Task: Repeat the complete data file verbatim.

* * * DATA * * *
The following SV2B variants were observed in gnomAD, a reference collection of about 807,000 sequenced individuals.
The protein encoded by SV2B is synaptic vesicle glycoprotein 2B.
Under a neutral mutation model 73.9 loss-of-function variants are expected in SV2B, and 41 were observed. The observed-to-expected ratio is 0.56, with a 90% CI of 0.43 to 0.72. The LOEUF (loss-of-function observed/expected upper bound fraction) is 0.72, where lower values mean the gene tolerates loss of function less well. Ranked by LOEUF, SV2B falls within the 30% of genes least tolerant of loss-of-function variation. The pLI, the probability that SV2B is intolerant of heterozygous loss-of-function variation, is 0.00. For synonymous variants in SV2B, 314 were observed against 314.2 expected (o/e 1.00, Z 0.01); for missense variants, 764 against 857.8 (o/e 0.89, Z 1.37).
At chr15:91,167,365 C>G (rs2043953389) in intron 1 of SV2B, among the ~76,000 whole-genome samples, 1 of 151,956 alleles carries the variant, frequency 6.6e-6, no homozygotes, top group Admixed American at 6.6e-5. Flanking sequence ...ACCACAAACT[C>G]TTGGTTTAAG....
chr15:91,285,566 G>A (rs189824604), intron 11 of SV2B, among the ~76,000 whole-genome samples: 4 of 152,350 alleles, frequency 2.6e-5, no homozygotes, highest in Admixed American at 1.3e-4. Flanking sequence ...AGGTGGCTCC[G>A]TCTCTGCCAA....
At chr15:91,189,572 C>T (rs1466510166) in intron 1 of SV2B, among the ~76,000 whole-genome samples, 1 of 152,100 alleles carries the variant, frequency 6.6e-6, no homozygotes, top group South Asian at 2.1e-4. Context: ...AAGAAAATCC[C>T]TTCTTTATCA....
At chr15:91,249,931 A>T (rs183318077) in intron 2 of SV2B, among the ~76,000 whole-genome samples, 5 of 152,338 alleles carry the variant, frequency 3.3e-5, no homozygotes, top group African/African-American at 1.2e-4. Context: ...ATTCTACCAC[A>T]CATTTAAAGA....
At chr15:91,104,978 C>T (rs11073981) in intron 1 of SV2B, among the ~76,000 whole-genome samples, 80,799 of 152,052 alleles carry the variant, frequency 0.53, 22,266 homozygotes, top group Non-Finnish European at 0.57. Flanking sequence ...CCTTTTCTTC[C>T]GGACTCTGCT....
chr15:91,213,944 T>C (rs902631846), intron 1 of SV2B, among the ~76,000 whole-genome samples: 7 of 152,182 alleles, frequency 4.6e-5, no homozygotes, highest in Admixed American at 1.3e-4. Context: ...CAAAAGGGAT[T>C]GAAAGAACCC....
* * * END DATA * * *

The following SV2B variants were observed in gnomAD, a reference collection of about 807,000 sequenced individuals.
The protein encoded by SV2B is synaptic vesicle glycoprotein 2B.
Under a neutral mutation model 73.9 loss-of-function variants are expected in SV2B, and 41 were observed. The observed-to-expected ratio is 0.56, with a 90% CI of 0.43 to 0.72. The LOEUF (loss-of-function observed/expected upper bound fraction) is 0.72, where lower values mean the gene tolerates loss of function less well. Ranked by LOEUF, SV2B falls within the 30% of genes least tolerant of loss-of-function variation. The pLI, the probability that SV2B is intolerant of heterozygous loss-of-function variation, is 0.00. For synonymous variants in SV2B, 314 were observed against 314.2 expected (o/e 1.00, Z 0.01); for missense variants, 764 against 857.8 (o/e 0.89, Z 1.37).
At chr15:91,167,365 C>G (rs2043953389) in intron 1 of SV2B, among the ~76,000 whole-genome samples, 1 of 151,956 alleles carries the variant, frequency 6.6e-6, no homozygotes, top group Admixed American at 6.6e-5. Flanking sequence ...ACCACAAACT[C>G]TTGGTTTAAG....
chr15:91,285,566 G>A (rs189824604), intron 11 of SV2B, among the ~76,000 whole-genome samples: 4 of 152,350 alleles, frequency 2.6e-5, no homozygotes, highest in Admixed American at 1.3e-4. Flanking sequence ...AGGTGGCTCC[G>A]TCTCTGCCAA....
At chr15:91,189,572 C>T (rs1466510166) in intron 1 of SV2B, among the ~76,000 whole-genome samples, 1 of 152,100 alleles carries the variant, frequency 6.6e-6, no homozygotes, top group South Asian at 2.1e-4. Context: ...AAGAAAATCC[C>T]TTCTTTATCA....
At chr15:91,249,931 A>T (rs183318077) in intron 2 of SV2B, among the ~76,000 whole-genome samples, 5 of 152,338 alleles carry the variant, frequency 3.3e-5, no homozygotes, top group African/African-American at 1.2e-4. Context: ...ATTCTACCAC[A>T]CATTTAAAGA....
At chr15:91,104,978 C>T (rs11073981) in intron 1 of SV2B, among the ~76,000 whole-genome samples, 80,799 of 152,052 alleles carry the variant, frequency 0.53, 22,266 homozygotes, top group Non-Finnish European at 0.57. Flanking sequence ...CCTTTTCTTC[C>T]GGACTCTGCT....
chr15:91,213,944 T>C (rs902631846), intron 1 of SV2B, among the ~76,000 whole-genome samples: 7 of 152,182 alleles, frequency 4.6e-5, no homozygotes, highest in Admixed American at 1.3e-4. Context: ...CAAAAGGGAT[T>C]GAAAGAACCC....